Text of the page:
A master image is simply a folder on a server, which contains the exact contents that you want all your Hard Drives to have (i.e. System Folder, Applications, Documents, etc). In this case your images will only contain the System Folder, and empty folders for the root-level folders "Applications", "Documents", etc. Remember that RevRdist can't "create" a folder simply through lines of code in the distfile, it has to be copied from somewhere. So, you have to put the folder in your image, even if it is empty. Again, make sure that your master image contains all System software you want, and looks exactly as you want it to look - RevRdist will duplicate it exactly. See below:

Contents of RevRdist Monkey : PowerMac G4/500 Mac OS 9.1
G4 master image

As for all your application software and its System Folder components (i.e. any Control Panels, Extensions, or Preferences it installs), put these in a separate folder on your server, named something like "Special Items". Then you can have separate folders for "Microsoft Office 98" and "Microsoft Office 2001". See below:

RevRdist Monkey : Special Items : Applications
Special Items : Applications folder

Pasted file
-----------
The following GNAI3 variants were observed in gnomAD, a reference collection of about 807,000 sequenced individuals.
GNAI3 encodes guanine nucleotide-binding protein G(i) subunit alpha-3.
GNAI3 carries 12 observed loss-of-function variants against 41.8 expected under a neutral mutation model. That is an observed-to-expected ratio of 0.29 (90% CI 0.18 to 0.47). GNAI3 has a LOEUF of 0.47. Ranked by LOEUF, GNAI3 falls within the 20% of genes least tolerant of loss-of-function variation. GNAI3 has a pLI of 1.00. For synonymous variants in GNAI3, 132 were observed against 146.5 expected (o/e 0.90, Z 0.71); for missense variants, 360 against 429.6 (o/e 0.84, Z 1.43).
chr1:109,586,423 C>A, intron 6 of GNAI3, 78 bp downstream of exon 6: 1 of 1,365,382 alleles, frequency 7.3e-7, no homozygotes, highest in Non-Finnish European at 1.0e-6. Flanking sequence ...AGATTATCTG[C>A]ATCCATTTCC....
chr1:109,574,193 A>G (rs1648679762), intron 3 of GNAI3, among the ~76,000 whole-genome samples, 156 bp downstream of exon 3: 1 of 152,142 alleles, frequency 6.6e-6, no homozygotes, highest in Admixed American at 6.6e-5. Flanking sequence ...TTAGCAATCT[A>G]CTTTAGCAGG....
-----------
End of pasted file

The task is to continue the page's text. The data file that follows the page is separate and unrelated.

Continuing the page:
We arrange everything inside these folders hierarchically even further, so that the folder for the Office apps is in its own "Applications" folder, while all its System components are in a "System Folder" (this is very useful for keeping track of what System components get installed with what applications). See below:

RevRdist Monkey : Special Items : Applications : Microsoft Office 2001
Special Items : Applications : Microsoft Office 2001 folder

From here it's a simple matter of adding code to the distfiles to copy these items onto the machine as it runs RevRdist.

Settings you shouldn't set
Do not use the Setup Assistant to give the machine a name. You actually want the Owner Name and Computer Name in the System file to be blank when you copy it to the master folder. Otherwise, when you distribute it to all your machines, they'll all think their names are "Macintosh HD" or something, and will produce an error on startup. See the ResEdit Hacks section on how to fix this after the fact.

If you are assigning IP addresses manually, you probably shouldn't include this preferences file in your master image, and should make sure there's a line of code in your distfile that ignores it.

Create a read-only user account
RevRdist needs an account with read rights to the server folder where your master image resides. DO NOT USE AN ADMIN OR EQUIVALENT ACCOUNT. (Believe me, I've seen people do this.) RevRdist does not modify anything on the server, it only executes the instructions in the distribution control file (distfile).